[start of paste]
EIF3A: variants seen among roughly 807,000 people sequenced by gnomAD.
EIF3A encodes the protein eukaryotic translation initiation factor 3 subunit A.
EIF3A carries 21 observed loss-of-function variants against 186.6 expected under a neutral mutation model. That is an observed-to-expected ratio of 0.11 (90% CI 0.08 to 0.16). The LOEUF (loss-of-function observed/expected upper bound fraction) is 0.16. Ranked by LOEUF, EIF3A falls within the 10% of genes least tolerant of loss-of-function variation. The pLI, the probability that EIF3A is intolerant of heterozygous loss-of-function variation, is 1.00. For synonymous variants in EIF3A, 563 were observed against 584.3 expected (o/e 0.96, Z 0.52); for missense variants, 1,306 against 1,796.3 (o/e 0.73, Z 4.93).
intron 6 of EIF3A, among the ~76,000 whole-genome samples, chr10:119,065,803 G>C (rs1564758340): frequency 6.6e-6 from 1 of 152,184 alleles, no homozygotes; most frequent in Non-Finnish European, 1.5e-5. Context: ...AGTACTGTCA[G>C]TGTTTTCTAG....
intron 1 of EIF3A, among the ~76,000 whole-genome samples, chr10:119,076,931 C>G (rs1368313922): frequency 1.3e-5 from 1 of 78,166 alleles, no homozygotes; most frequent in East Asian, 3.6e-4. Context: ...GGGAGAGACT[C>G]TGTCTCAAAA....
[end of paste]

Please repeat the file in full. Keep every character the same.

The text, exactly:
EIF3A: variants seen among roughly 807,000 people sequenced by gnomAD.
EIF3A encodes the protein eukaryotic translation initiation factor 3 subunit A.
EIF3A carries 21 observed loss-of-function variants against 186.6 expected under a neutral mutation model. That is an observed-to-expected ratio of 0.11 (90% CI 0.08 to 0.16). The LOEUF (loss-of-function observed/expected upper bound fraction) is 0.16. Ranked by LOEUF, EIF3A falls within the 10% of genes least tolerant of loss-of-function variation. The pLI, the probability that EIF3A is intolerant of heterozygous loss-of-function variation, is 1.00. For synonymous variants in EIF3A, 563 were observed against 584.3 expected (o/e 0.96, Z 0.52); for missense variants, 1,306 against 1,796.3 (o/e 0.73, Z 4.93).
intron 6 of EIF3A, among the ~76,000 whole-genome samples, chr10:119,065,803 G>C (rs1564758340): frequency 6.6e-6 from 1 of 152,184 alleles, no homozygotes; most frequent in Non-Finnish European, 1.5e-5. Context: ...AGTACTGTCA[G>C]TGTTTTCTAG....
intron 1 of EIF3A, among the ~76,000 whole-genome samples, chr10:119,076,931 C>G (rs1368313922): frequency 1.3e-5 from 1 of 78,166 alleles, no homozygotes; most frequent in East Asian, 3.6e-4. Context: ...GGGAGAGACT[C>G]TGTCTCAAAA....